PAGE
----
When writing a Python program you might want to access multiple elements in a list. In this scenario, Python list slicing can be very useful.
With Python’s list slicing notation you can select a subset of a list, for example, the beginning of a list up to a specific element or the end of a list starting from a given element. The slicing notation allows specifying the start index, stop index, and interval between elements (step) to select.
Slicing is a topic that can be a bit confusing for Python beginners and in this article, I will help you understand slicing based on my personal experience of using it in several Python applications.
Let’s see some examples of list slicing!
What Is List Slicing in Python?
In Python, you can use the colon character( : ) within square brackets to print part of a list (this is called slicing).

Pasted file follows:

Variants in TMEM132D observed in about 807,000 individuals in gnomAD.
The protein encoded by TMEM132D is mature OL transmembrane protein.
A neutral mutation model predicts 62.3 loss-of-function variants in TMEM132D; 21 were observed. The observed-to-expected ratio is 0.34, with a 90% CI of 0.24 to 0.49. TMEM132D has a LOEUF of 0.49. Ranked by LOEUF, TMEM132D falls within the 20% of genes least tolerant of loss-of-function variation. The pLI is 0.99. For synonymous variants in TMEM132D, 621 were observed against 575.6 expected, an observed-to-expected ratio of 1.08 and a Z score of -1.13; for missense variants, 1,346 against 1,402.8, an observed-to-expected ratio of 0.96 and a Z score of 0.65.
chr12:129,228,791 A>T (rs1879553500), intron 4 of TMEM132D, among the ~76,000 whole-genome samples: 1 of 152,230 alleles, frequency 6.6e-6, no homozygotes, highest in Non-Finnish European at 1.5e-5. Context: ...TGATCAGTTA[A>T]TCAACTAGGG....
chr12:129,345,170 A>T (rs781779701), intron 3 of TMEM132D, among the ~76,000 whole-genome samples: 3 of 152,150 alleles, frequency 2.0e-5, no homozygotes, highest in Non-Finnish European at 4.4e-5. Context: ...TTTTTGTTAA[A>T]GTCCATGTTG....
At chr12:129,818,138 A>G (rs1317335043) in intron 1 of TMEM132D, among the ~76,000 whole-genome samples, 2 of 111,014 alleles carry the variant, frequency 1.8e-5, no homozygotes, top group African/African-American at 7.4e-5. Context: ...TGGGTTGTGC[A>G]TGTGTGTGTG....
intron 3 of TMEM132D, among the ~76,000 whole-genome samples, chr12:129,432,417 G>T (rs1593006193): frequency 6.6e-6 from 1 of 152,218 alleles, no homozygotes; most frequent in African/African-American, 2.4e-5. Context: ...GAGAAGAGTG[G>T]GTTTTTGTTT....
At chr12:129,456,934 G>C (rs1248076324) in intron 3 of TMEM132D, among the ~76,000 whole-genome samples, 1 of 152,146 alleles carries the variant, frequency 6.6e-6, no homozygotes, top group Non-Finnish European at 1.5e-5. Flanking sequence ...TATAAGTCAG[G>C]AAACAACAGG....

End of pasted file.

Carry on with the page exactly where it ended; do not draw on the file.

The first step to using slicing with a Python list is to understand the syntax for slicing:
list_slice = original_list[start:stop:step]
The first important concept to know is that when you apply the slicing operator to a list you get back another list.
The syntax of slicing in Python supports the following arguments:
- start: the start index (inclusive)
- stop: the stop index (exclusive)
- step: the interval between elements returned in the slice
Based on my experience, one of the confusing aspects of slicing can be the fact that the start index is inclusive and the stop index is exclusive.
This is something you will have to remember and get used to in order to make sure you select the correct subset of a list.
6 Examples of List Slicing in Python
Let’s go through a few examples to explain how you can use the start, stop, and step arguments in the slicing notation.
Let’s take a list that contains the first 10 numbers of the Fibonacci sequence:
fibonacci_sequence = [0, 1, 1, 2, 3, 5, 8, 13, 21, 34]